The acquisition of residential properties in Russia has also seen a notable surge amidst the ongoing conflict. In the period spanning from 2019 to 2021, Russian nationals emerged as the third most prominent group of foreign purchasers in the real estate market, trailing behind those from Iran and Iraq. However, in 2022-2023, they emerged as the leading group, constituting over a quarter of all foreign acquisitions. The number of homes purchased had a significant surge, escalating from 5,379 in 2021 to 16,582 in 2022, representing a remarkable growth rate of 208.3%. In the previous month, an additional 5,723 residences were acquired, suggesting that the surge in housing purchases during the wartime period is expected to last through 2023. The substantial increase in real estate acquisitions in Russia and Ukraine has resulted in a significant surge in domestic demand, leading to a situation where many Turkish individuals are unable to afford properties inside these regions. In Antalya, which is recognized as the main hub of Turkish beach tourism, rental rates have experienced a surge of more than 300% in some instances.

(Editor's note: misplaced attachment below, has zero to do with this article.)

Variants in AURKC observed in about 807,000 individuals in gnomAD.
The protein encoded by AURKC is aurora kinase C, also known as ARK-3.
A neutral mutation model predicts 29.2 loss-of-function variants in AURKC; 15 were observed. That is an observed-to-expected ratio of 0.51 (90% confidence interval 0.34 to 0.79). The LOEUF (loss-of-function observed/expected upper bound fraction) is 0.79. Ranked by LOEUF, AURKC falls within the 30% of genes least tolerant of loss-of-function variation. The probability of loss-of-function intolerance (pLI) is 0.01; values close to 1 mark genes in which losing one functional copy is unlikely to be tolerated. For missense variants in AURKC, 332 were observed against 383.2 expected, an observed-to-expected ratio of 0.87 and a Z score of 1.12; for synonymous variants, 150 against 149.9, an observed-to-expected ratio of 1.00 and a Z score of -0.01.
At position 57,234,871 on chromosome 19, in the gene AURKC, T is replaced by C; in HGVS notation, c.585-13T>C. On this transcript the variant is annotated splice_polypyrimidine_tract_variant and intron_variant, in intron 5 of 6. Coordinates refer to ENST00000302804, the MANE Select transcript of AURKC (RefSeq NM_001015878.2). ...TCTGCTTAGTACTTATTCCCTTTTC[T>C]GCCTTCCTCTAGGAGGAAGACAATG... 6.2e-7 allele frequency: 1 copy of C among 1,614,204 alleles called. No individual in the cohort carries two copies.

Türkiye is deriving several advantages from the presence of Ukrainian and Russian refugees. Türkiye has extended humanitarian assistance to the displaced individuals from Ukraine, such as medical supplies and accommodations. Firstly, this has enhanced Türkiye’s reputation as an empathetic nation in the global arena. Secondly, Türkiye has seen positive outcomes as a result of the arrival of proficient and knowledgeable Ukrainian laborers, who have made valuable contributions to several sectors of the Turkish economy, including but not limited to tourism, agriculture, construction, and information technology. Several Ukrainian migrants have initiated entrepreneurial endeavors in Türkiye, therefore generating employment opportunities and stimulating commercial activities. Lastly, Türkiye has enhanced its strategic alliance with Ukraine, a significant partner in the Black Sea area. Türkiye has shown its commitment to upholding Ukraine’s sovereignty and territorial integrity by providing military equipment and technology, including drones and corvettes. Türkiye has also served as a mediator, facilitating a peaceful resolution of the crisis between Ukraine and Russia.